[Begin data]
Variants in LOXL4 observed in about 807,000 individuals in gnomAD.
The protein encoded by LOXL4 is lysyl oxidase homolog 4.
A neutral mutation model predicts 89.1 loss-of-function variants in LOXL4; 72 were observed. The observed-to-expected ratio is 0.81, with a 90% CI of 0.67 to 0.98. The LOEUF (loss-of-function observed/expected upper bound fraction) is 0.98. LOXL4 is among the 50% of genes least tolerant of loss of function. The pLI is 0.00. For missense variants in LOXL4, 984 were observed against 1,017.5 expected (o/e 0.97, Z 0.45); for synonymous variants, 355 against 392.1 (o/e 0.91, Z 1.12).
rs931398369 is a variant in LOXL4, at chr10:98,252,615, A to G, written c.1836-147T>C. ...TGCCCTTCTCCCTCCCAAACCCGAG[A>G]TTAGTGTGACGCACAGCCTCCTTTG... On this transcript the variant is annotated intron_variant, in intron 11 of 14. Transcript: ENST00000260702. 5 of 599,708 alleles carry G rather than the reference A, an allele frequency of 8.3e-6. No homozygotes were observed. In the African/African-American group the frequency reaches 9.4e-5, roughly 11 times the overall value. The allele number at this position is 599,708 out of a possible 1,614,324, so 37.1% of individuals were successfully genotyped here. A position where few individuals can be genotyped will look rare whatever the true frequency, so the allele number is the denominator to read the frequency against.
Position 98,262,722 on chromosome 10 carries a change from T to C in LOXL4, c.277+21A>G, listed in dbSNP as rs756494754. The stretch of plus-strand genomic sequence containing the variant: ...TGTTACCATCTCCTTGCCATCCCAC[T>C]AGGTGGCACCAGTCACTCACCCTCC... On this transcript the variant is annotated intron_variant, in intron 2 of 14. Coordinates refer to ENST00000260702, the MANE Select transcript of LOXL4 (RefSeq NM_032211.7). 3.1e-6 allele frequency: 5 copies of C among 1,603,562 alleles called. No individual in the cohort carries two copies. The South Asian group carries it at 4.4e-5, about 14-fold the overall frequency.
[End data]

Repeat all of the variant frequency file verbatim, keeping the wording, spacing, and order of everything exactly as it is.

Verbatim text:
Variants in LOXL4 observed in about 807,000 individuals in gnomAD.
The protein encoded by LOXL4 is lysyl oxidase homolog 4.
A neutral mutation model predicts 89.1 loss-of-function variants in LOXL4; 72 were observed. The observed-to-expected ratio is 0.81, with a 90% CI of 0.67 to 0.98. The LOEUF (loss-of-function observed/expected upper bound fraction) is 0.98. LOXL4 is among the 50% of genes least tolerant of loss of function. The pLI is 0.00. For missense variants in LOXL4, 984 were observed against 1,017.5 expected (o/e 0.97, Z 0.45); for synonymous variants, 355 against 392.1 (o/e 0.91, Z 1.12).
rs931398369 is a variant in LOXL4, at chr10:98,252,615, A to G, written c.1836-147T>C. ...TGCCCTTCTCCCTCCCAAACCCGAG[A>G]TTAGTGTGACGCACAGCCTCCTTTG... On this transcript the variant is annotated intron_variant, in intron 11 of 14. Transcript: ENST00000260702. 5 of 599,708 alleles carry G rather than the reference A, an allele frequency of 8.3e-6. No homozygotes were observed. In the African/African-American group the frequency reaches 9.4e-5, roughly 11 times the overall value. The allele number at this position is 599,708 out of a possible 1,614,324, so 37.1% of individuals were successfully genotyped here. A position where few individuals can be genotyped will look rare whatever the true frequency, so the allele number is the denominator to read the frequency against.
Position 98,262,722 on chromosome 10 carries a change from T to C in LOXL4, c.277+21A>G, listed in dbSNP as rs756494754. The stretch of plus-strand genomic sequence containing the variant: ...TGTTACCATCTCCTTGCCATCCCAC[T>C]AGGTGGCACCAGTCACTCACCCTCC... On this transcript the variant is annotated intron_variant, in intron 2 of 14. Coordinates refer to ENST00000260702, the MANE Select transcript of LOXL4 (RefSeq NM_032211.7). 3.1e-6 allele frequency: 5 copies of C among 1,603,562 alleles called. No individual in the cohort carries two copies. The South Asian group carries it at 4.4e-5, about 14-fold the overall frequency.